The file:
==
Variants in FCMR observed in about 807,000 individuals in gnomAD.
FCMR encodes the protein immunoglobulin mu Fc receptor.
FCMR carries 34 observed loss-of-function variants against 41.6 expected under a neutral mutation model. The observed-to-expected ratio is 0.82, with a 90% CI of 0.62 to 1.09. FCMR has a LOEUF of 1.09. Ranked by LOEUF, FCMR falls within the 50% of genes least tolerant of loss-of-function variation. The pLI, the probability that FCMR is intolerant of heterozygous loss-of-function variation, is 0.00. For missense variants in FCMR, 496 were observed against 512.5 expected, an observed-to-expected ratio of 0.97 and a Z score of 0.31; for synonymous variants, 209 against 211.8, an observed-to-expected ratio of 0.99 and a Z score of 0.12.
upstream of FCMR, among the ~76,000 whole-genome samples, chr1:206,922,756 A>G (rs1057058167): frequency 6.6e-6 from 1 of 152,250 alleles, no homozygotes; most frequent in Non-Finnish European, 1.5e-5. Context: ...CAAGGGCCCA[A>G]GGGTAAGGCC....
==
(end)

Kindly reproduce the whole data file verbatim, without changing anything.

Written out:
Variants in FCMR observed in about 807,000 individuals in gnomAD.
FCMR encodes the protein immunoglobulin mu Fc receptor.
FCMR carries 34 observed loss-of-function variants against 41.6 expected under a neutral mutation model. The observed-to-expected ratio is 0.82, with a 90% CI of 0.62 to 1.09. FCMR has a LOEUF of 1.09. Ranked by LOEUF, FCMR falls within the 50% of genes least tolerant of loss-of-function variation. The pLI, the probability that FCMR is intolerant of heterozygous loss-of-function variation, is 0.00. For missense variants in FCMR, 496 were observed against 512.5 expected, an observed-to-expected ratio of 0.97 and a Z score of 0.31; for synonymous variants, 209 against 211.8, an observed-to-expected ratio of 0.99 and a Z score of 0.12.
upstream of FCMR, among the ~76,000 whole-genome samples, chr1:206,922,756 A>G (rs1057058167): frequency 6.6e-6 from 1 of 152,250 alleles, no homozygotes; most frequent in Non-Finnish European, 1.5e-5. Context: ...CAAGGGCCCA[A>G]GGGTAAGGCC....